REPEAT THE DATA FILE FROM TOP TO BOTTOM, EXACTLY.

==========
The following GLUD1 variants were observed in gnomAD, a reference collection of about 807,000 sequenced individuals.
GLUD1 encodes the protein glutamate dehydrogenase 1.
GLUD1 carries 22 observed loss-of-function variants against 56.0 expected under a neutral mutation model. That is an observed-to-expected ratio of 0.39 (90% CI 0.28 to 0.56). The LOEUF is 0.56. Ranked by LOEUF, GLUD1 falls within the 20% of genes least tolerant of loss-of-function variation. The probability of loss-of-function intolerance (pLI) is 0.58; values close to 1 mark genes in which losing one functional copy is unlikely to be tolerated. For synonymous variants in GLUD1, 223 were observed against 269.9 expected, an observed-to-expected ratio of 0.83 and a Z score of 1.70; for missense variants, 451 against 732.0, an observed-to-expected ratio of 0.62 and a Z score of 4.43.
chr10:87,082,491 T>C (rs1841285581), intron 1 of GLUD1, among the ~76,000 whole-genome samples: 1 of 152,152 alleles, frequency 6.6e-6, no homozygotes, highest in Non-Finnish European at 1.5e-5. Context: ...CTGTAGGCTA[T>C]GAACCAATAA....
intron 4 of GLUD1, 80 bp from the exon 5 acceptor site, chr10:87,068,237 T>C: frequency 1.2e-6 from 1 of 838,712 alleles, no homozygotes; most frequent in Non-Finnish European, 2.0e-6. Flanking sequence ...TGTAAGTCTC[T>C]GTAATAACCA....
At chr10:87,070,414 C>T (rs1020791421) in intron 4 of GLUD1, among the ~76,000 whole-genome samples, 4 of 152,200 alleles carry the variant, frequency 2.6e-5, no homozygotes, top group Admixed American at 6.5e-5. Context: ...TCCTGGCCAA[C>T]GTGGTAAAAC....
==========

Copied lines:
The following GLUD1 variants were observed in gnomAD, a reference collection of about 807,000 sequenced individuals.
GLUD1 encodes the protein glutamate dehydrogenase 1.
GLUD1 carries 22 observed loss-of-function variants against 56.0 expected under a neutral mutation model. That is an observed-to-expected ratio of 0.39 (90% CI 0.28 to 0.56). The LOEUF is 0.56. Ranked by LOEUF, GLUD1 falls within the 20% of genes least tolerant of loss-of-function variation. The probability of loss-of-function intolerance (pLI) is 0.58; values close to 1 mark genes in which losing one functional copy is unlikely to be tolerated. For synonymous variants in GLUD1, 223 were observed against 269.9 expected, an observed-to-expected ratio of 0.83 and a Z score of 1.70; for missense variants, 451 against 732.0, an observed-to-expected ratio of 0.62 and a Z score of 4.43.
chr10:87,082,491 T>C (rs1841285581), intron 1 of GLUD1, among the ~76,000 whole-genome samples: 1 of 152,152 alleles, frequency 6.6e-6, no homozygotes, highest in Non-Finnish European at 1.5e-5. Context: ...CTGTAGGCTA[T>C]GAACCAATAA....
intron 4 of GLUD1, 80 bp from the exon 5 acceptor site, chr10:87,068,237 T>C: frequency 1.2e-6 from 1 of 838,712 alleles, no homozygotes; most frequent in Non-Finnish European, 2.0e-6. Flanking sequence ...TGTAAGTCTC[T>C]GTAATAACCA....
At chr10:87,070,414 C>T (rs1020791421) in intron 4 of GLUD1, among the ~76,000 whole-genome samples, 4 of 152,200 alleles carry the variant, frequency 2.6e-5, no homozygotes, top group Admixed American at 6.5e-5. Context: ...TCCTGGCCAA[C>T]GTGGTAAAAC....